The major concern while determining the type of generator which serves best for your environment must be getting the right electrical configuration. The electrical configuration usually consists of the Phase, Voltage, kW and Hertz that are best suited for the user’s application. To elaborate on how all of it works, the basic understanding of what a generator set includes is really helpful. A generator set or commonly known as a genset, consists of two major components – an industrial engine (typically diesel, natural gas or propane) and a generator end. The engine of the generator produces horsepower and RPM, and the end converts it into electricity.

Explaining Phases

Single-Phase Generators
Single-Phase Generators are used for smaller single phase loads. These gensets typically do not go above 40 kW. They are commonly used in residential environments and have a power factor of 1.0.

3-Phase Generators
3-Phase Generators are used mainly for large scale industrial power generation. These gensets can provide both single and 3-phase power for operating industrial motors with much higher horsepower. They branch power out for separate lines and are generally more flexible. They are typically used in the commercial environments. They have a power factor of 0.8.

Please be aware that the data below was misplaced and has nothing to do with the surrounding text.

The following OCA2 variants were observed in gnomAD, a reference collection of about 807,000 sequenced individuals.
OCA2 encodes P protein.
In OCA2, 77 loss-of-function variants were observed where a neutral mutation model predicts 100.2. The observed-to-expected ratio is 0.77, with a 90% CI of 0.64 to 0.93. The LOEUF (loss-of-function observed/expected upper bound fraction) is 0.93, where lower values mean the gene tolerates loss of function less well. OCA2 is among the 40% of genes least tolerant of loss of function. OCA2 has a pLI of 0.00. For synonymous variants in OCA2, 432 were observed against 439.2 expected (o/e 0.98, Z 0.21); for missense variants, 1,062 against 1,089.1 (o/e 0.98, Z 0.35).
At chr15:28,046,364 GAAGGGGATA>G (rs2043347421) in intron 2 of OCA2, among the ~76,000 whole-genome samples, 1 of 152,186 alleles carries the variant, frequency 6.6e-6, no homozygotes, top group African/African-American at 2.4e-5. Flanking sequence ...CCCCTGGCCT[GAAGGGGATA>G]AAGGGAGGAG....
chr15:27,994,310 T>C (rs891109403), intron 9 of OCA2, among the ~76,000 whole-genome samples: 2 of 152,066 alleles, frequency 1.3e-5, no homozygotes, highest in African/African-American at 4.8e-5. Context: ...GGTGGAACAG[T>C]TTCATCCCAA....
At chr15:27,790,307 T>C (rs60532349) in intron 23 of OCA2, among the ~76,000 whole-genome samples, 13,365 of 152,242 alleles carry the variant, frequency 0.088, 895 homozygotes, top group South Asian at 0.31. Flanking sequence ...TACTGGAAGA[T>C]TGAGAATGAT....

Increase Power Output Rating
The consumers can convert single-phase to 3-Phase power and gain approximately 20-30% kW output power rating. But for doing so, the end needs to be re-connectable and you also need to account for load balances and a few other variables.

De-Rating  (converting from 3-phase to single-phase)
De-Rating or the process of converting from 3-Phase to Single-Phase typically reduces your kW output rating round about 30%. For an instance, a 100kW 3-phase generator would drop up to 70 kW when converted to Single-Phase from 3-Phase.

  • To calculate the Adjusted Power produced after de-rating accurately, always try and de-rate from the kVA rating instead of the kW rating. The formula for de-rating is 2/3 kVA. You can then convert it to kilowatts from there if required.
  • To de-rate the genset, the generator end of that genset must have 12 or 10 leads that can be reconnected. The single-phase loads do not affect the load on the engine itself as long as the user does not go over the rated amperes or amps on an individual line.